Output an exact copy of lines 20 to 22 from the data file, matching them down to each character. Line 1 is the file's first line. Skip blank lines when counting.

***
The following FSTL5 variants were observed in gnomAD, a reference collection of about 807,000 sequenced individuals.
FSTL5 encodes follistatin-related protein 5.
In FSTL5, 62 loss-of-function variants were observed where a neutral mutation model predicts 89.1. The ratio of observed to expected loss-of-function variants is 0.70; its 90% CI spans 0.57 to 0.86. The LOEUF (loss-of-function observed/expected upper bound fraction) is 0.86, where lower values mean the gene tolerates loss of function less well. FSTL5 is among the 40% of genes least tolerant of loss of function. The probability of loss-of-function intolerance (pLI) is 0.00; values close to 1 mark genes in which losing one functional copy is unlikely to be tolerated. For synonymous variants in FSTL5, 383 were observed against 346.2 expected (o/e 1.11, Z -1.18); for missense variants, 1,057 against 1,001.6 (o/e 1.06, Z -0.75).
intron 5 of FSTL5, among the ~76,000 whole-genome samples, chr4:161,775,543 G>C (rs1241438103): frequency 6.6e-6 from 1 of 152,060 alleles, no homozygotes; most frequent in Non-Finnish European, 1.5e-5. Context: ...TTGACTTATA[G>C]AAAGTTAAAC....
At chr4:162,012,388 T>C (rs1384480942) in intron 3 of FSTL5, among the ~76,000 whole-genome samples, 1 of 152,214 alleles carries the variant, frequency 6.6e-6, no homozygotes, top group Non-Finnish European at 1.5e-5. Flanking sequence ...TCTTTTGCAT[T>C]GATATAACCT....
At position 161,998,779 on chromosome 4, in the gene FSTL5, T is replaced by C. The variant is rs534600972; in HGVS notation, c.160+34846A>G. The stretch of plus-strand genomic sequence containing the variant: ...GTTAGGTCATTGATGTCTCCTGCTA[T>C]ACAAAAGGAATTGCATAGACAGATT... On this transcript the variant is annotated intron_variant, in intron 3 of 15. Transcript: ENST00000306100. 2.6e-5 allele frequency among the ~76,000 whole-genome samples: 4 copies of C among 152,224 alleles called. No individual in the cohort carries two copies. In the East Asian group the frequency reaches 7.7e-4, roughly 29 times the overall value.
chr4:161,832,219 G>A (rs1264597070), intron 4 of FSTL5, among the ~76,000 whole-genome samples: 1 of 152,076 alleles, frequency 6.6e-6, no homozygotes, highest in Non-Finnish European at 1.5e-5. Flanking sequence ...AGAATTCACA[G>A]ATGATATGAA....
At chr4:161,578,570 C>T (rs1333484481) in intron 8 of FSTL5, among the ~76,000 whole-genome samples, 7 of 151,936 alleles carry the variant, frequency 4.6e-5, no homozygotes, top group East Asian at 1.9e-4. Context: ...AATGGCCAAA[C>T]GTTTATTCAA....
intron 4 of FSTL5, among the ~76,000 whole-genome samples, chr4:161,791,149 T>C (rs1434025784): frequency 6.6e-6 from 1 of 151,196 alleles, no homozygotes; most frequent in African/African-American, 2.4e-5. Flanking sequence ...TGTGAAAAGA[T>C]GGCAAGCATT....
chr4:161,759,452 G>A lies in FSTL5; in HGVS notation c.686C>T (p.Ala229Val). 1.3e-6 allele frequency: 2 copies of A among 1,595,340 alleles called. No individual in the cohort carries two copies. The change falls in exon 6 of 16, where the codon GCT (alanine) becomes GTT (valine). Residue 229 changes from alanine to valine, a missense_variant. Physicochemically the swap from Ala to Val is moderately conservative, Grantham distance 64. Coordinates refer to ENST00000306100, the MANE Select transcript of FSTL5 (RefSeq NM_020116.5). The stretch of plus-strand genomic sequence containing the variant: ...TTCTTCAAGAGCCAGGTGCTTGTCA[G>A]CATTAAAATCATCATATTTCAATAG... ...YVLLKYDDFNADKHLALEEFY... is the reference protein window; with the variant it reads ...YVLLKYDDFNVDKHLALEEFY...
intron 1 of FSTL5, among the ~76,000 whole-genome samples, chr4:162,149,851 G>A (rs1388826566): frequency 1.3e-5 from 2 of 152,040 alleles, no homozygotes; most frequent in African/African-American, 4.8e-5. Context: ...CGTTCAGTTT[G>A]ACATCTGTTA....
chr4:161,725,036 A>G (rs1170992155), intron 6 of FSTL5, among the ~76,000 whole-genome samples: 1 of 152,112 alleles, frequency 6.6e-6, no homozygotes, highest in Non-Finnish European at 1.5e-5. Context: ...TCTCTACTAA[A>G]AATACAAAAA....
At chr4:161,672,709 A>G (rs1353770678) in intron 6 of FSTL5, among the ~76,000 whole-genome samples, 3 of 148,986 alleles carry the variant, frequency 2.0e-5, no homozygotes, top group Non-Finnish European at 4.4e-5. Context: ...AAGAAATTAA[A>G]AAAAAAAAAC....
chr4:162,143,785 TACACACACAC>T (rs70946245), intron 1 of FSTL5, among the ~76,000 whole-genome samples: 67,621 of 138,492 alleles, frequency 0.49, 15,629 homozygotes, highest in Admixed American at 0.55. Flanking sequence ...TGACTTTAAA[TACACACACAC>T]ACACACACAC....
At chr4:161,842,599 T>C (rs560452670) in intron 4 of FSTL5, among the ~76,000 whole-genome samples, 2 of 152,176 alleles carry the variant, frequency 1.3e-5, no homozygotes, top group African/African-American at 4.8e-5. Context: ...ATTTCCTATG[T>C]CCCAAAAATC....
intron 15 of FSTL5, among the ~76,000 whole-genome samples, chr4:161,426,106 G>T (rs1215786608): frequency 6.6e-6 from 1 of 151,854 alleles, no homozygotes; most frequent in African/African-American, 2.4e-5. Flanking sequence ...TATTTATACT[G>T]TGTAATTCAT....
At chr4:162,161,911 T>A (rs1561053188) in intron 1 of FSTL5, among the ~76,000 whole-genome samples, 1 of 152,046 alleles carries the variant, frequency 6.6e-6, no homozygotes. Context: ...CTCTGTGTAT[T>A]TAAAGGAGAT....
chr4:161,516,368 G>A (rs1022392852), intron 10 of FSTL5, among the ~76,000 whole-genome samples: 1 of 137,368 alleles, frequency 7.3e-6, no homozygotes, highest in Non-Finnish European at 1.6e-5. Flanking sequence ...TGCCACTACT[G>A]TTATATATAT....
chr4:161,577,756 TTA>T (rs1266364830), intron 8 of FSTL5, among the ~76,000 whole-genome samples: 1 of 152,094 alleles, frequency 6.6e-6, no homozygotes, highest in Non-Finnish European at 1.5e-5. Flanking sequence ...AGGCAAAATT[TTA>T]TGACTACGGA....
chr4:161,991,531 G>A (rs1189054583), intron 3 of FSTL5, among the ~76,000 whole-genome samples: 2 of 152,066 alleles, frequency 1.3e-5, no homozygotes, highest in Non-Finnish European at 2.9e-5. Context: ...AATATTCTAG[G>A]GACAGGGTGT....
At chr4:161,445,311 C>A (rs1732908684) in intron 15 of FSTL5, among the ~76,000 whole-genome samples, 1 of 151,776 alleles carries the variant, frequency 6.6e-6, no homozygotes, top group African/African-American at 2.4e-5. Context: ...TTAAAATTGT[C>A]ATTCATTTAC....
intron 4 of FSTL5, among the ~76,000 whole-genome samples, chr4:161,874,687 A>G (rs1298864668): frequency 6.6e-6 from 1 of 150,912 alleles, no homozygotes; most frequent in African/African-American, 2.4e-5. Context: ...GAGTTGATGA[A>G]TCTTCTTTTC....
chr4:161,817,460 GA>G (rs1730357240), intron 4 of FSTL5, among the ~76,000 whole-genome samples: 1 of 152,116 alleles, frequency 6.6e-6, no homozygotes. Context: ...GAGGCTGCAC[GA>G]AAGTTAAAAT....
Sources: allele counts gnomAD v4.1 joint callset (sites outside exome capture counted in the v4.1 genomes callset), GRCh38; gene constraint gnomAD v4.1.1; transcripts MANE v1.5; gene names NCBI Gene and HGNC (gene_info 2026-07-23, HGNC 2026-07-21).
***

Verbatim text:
chr4:161,991,531 G>A (rs1189054583), intron 3 of FSTL5, among the ~76,000 whole-genome samples: 2 of 152,066 alleles, frequency 1.3e-5, no homozygotes, highest in Non-Finnish European at 2.9e-5. Context: ...AATATTCTAG[G>A]GACAGGGTGT....
At chr4:161,445,311 C>A (rs1732908684) in intron 15 of FSTL5, among the ~76,000 whole-genome samples, 1 of 151,776 alleles carries the variant, frequency 6.6e-6, no homozygotes, top group African/African-American at 2.4e-5. Context: ...TTAAAATTGT[C>A]ATTCATTTAC....
intron 4 of FSTL5, among the ~76,000 whole-genome samples, chr4:161,874,687 A>G (rs1298864668): frequency 6.6e-6 from 1 of 150,912 alleles, no homozygotes; most frequent in African/African-American, 2.4e-5. Context: ...GAGTTGATGA[A>G]TCTTCTTTTC....